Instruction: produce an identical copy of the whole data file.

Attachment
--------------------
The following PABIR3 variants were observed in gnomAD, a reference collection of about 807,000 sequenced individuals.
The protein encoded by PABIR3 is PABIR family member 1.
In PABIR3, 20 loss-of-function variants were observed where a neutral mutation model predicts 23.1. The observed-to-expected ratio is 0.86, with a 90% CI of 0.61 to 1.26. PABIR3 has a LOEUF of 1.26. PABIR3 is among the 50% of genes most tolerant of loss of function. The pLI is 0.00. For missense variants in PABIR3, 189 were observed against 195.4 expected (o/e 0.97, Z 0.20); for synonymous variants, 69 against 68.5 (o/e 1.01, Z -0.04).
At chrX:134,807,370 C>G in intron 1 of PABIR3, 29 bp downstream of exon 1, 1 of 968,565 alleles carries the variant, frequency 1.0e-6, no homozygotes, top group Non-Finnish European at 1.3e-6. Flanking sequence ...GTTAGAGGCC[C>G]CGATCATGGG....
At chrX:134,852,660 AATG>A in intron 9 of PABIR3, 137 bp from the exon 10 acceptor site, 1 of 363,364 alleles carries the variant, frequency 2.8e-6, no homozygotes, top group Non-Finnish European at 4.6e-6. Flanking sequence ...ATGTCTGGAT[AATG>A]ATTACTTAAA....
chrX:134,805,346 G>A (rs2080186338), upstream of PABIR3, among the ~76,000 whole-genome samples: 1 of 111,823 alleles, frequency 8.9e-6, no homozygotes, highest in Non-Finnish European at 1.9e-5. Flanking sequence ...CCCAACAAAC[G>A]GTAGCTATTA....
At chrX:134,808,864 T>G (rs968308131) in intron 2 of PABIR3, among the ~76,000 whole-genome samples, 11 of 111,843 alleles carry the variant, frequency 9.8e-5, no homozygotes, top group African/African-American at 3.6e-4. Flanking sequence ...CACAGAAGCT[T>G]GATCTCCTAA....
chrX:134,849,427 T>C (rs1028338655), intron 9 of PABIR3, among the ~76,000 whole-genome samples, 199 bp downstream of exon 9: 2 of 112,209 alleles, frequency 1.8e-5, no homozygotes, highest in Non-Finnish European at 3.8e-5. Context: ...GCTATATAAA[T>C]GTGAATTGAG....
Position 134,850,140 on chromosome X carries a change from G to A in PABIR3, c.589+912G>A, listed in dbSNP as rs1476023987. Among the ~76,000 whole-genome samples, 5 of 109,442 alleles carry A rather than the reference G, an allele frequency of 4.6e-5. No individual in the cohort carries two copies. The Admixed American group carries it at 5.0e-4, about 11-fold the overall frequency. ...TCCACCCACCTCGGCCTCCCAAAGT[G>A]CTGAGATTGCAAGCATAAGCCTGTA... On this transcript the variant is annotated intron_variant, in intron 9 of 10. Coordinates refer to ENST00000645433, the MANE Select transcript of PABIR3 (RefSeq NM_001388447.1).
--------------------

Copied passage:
The following PABIR3 variants were observed in gnomAD, a reference collection of about 807,000 sequenced individuals.
The protein encoded by PABIR3 is PABIR family member 1.
In PABIR3, 20 loss-of-function variants were observed where a neutral mutation model predicts 23.1. The observed-to-expected ratio is 0.86, with a 90% CI of 0.61 to 1.26. PABIR3 has a LOEUF of 1.26. PABIR3 is among the 50% of genes most tolerant of loss of function. The pLI is 0.00. For missense variants in PABIR3, 189 were observed against 195.4 expected (o/e 0.97, Z 0.20); for synonymous variants, 69 against 68.5 (o/e 1.01, Z -0.04).
At chrX:134,807,370 C>G in intron 1 of PABIR3, 29 bp downstream of exon 1, 1 of 968,565 alleles carries the variant, frequency 1.0e-6, no homozygotes, top group Non-Finnish European at 1.3e-6. Flanking sequence ...GTTAGAGGCC[C>G]CGATCATGGG....
At chrX:134,852,660 AATG>A in intron 9 of PABIR3, 137 bp from the exon 10 acceptor site, 1 of 363,364 alleles carries the variant, frequency 2.8e-6, no homozygotes, top group Non-Finnish European at 4.6e-6. Flanking sequence ...ATGTCTGGAT[AATG>A]ATTACTTAAA....
chrX:134,805,346 G>A (rs2080186338), upstream of PABIR3, among the ~76,000 whole-genome samples: 1 of 111,823 alleles, frequency 8.9e-6, no homozygotes, highest in Non-Finnish European at 1.9e-5. Flanking sequence ...CCCAACAAAC[G>A]GTAGCTATTA....
At chrX:134,808,864 T>G (rs968308131) in intron 2 of PABIR3, among the ~76,000 whole-genome samples, 11 of 111,843 alleles carry the variant, frequency 9.8e-5, no homozygotes, top group African/African-American at 3.6e-4. Flanking sequence ...CACAGAAGCT[T>G]GATCTCCTAA....
chrX:134,849,427 T>C (rs1028338655), intron 9 of PABIR3, among the ~76,000 whole-genome samples, 199 bp downstream of exon 9: 2 of 112,209 alleles, frequency 1.8e-5, no homozygotes, highest in Non-Finnish European at 3.8e-5. Context: ...GCTATATAAA[T>C]GTGAATTGAG....
Position 134,850,140 on chromosome X carries a change from G to A in PABIR3, c.589+912G>A, listed in dbSNP as rs1476023987. Among the ~76,000 whole-genome samples, 5 of 109,442 alleles carry A rather than the reference G, an allele frequency of 4.6e-5. No individual in the cohort carries two copies. The Admixed American group carries it at 5.0e-4, about 11-fold the overall frequency. ...TCCACCCACCTCGGCCTCCCAAAGT[G>A]CTGAGATTGCAAGCATAAGCCTGTA... On this transcript the variant is annotated intron_variant, in intron 9 of 10. Coordinates refer to ENST00000645433, the MANE Select transcript of PABIR3 (RefSeq NM_001388447.1).